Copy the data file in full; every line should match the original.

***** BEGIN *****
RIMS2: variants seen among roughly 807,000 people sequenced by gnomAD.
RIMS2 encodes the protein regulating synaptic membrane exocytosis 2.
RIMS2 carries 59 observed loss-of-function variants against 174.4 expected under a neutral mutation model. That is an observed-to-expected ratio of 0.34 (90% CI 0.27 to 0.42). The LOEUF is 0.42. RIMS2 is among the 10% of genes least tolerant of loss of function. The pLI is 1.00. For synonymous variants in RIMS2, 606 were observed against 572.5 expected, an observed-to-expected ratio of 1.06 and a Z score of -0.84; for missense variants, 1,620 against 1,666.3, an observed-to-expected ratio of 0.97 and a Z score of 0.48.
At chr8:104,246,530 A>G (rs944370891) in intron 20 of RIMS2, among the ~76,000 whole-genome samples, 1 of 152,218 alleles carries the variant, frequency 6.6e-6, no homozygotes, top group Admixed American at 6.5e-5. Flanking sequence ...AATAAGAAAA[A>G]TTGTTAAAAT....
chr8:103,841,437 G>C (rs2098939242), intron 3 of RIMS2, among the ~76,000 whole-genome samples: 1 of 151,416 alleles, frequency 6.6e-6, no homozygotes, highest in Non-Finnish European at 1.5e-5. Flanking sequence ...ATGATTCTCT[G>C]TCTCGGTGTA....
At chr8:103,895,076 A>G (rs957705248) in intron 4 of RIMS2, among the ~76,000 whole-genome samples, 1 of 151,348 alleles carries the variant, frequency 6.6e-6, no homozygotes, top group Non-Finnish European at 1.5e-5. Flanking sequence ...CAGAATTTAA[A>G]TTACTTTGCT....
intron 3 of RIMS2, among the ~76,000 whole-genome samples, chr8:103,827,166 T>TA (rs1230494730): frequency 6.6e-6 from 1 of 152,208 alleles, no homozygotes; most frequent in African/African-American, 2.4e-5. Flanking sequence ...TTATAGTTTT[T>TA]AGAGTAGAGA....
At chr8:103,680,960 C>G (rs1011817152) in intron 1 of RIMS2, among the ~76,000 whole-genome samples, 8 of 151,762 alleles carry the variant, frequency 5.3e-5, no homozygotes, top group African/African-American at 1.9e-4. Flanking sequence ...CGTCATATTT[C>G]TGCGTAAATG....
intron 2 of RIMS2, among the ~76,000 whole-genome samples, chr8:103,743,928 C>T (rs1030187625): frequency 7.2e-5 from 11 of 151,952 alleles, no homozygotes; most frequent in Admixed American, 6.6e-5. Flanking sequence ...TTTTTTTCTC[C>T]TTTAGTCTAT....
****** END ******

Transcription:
RIMS2: variants seen among roughly 807,000 people sequenced by gnomAD.
RIMS2 encodes the protein regulating synaptic membrane exocytosis 2.
RIMS2 carries 59 observed loss-of-function variants against 174.4 expected under a neutral mutation model. That is an observed-to-expected ratio of 0.34 (90% CI 0.27 to 0.42). The LOEUF is 0.42. RIMS2 is among the 10% of genes least tolerant of loss of function. The pLI is 1.00. For synonymous variants in RIMS2, 606 were observed against 572.5 expected, an observed-to-expected ratio of 1.06 and a Z score of -0.84; for missense variants, 1,620 against 1,666.3, an observed-to-expected ratio of 0.97 and a Z score of 0.48.
At chr8:104,246,530 A>G (rs944370891) in intron 20 of RIMS2, among the ~76,000 whole-genome samples, 1 of 152,218 alleles carries the variant, frequency 6.6e-6, no homozygotes, top group Admixed American at 6.5e-5. Flanking sequence ...AATAAGAAAA[A>G]TTGTTAAAAT....
chr8:103,841,437 G>C (rs2098939242), intron 3 of RIMS2, among the ~76,000 whole-genome samples: 1 of 151,416 alleles, frequency 6.6e-6, no homozygotes, highest in Non-Finnish European at 1.5e-5. Flanking sequence ...ATGATTCTCT[G>C]TCTCGGTGTA....
At chr8:103,895,076 A>G (rs957705248) in intron 4 of RIMS2, among the ~76,000 whole-genome samples, 1 of 151,348 alleles carries the variant, frequency 6.6e-6, no homozygotes, top group Non-Finnish European at 1.5e-5. Flanking sequence ...CAGAATTTAA[A>G]TTACTTTGCT....
intron 3 of RIMS2, among the ~76,000 whole-genome samples, chr8:103,827,166 T>TA (rs1230494730): frequency 6.6e-6 from 1 of 152,208 alleles, no homozygotes; most frequent in African/African-American, 2.4e-5. Flanking sequence ...TTATAGTTTT[T>TA]AGAGTAGAGA....
At chr8:103,680,960 C>G (rs1011817152) in intron 1 of RIMS2, among the ~76,000 whole-genome samples, 8 of 151,762 alleles carry the variant, frequency 5.3e-5, no homozygotes, top group African/African-American at 1.9e-4. Flanking sequence ...CGTCATATTT[C>G]TGCGTAAATG....
intron 2 of RIMS2, among the ~76,000 whole-genome samples, chr8:103,743,928 C>T (rs1030187625): frequency 7.2e-5 from 11 of 151,952 alleles, no homozygotes; most frequent in Admixed American, 6.6e-5. Flanking sequence ...TTTTTTTCTC[C>T]TTTAGTCTAT....